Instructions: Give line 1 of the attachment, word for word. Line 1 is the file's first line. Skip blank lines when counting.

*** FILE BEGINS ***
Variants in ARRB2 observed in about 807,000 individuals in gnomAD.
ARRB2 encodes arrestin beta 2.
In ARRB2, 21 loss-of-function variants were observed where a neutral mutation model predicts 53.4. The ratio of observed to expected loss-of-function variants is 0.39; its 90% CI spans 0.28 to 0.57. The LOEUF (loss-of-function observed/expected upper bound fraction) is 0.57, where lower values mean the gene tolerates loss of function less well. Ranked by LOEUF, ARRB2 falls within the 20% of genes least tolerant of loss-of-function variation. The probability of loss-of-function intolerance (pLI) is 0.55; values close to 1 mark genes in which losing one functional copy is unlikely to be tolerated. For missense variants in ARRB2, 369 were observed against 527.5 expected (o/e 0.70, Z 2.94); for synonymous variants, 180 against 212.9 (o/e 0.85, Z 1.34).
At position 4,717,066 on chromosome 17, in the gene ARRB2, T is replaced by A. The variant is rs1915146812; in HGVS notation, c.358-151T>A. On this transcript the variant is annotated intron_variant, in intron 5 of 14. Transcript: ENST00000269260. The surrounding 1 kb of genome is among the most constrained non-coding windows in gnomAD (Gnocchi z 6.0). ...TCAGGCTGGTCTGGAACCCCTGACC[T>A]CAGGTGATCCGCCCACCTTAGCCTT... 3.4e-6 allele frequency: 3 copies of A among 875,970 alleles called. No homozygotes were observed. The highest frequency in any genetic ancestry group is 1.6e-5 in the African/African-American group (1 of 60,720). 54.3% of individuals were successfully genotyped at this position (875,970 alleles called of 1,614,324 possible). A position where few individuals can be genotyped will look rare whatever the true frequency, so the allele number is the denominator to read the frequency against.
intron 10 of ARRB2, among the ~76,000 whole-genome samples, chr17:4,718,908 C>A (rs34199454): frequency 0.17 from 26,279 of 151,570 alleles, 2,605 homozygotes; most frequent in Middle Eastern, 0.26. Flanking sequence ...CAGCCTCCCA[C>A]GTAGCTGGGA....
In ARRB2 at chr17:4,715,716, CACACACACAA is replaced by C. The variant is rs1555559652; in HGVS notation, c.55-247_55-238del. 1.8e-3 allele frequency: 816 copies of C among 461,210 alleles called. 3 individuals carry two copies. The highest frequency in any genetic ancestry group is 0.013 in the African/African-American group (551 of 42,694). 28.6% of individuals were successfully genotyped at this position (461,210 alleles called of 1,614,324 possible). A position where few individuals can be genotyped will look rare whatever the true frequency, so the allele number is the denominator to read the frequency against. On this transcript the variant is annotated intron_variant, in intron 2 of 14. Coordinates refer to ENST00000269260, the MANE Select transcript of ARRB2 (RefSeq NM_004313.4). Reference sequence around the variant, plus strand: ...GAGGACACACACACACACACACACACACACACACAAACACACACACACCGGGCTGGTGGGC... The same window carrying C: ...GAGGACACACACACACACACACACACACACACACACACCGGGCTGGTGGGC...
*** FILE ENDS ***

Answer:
Variants in ARRB2 observed in about 807,000 individuals in gnomAD.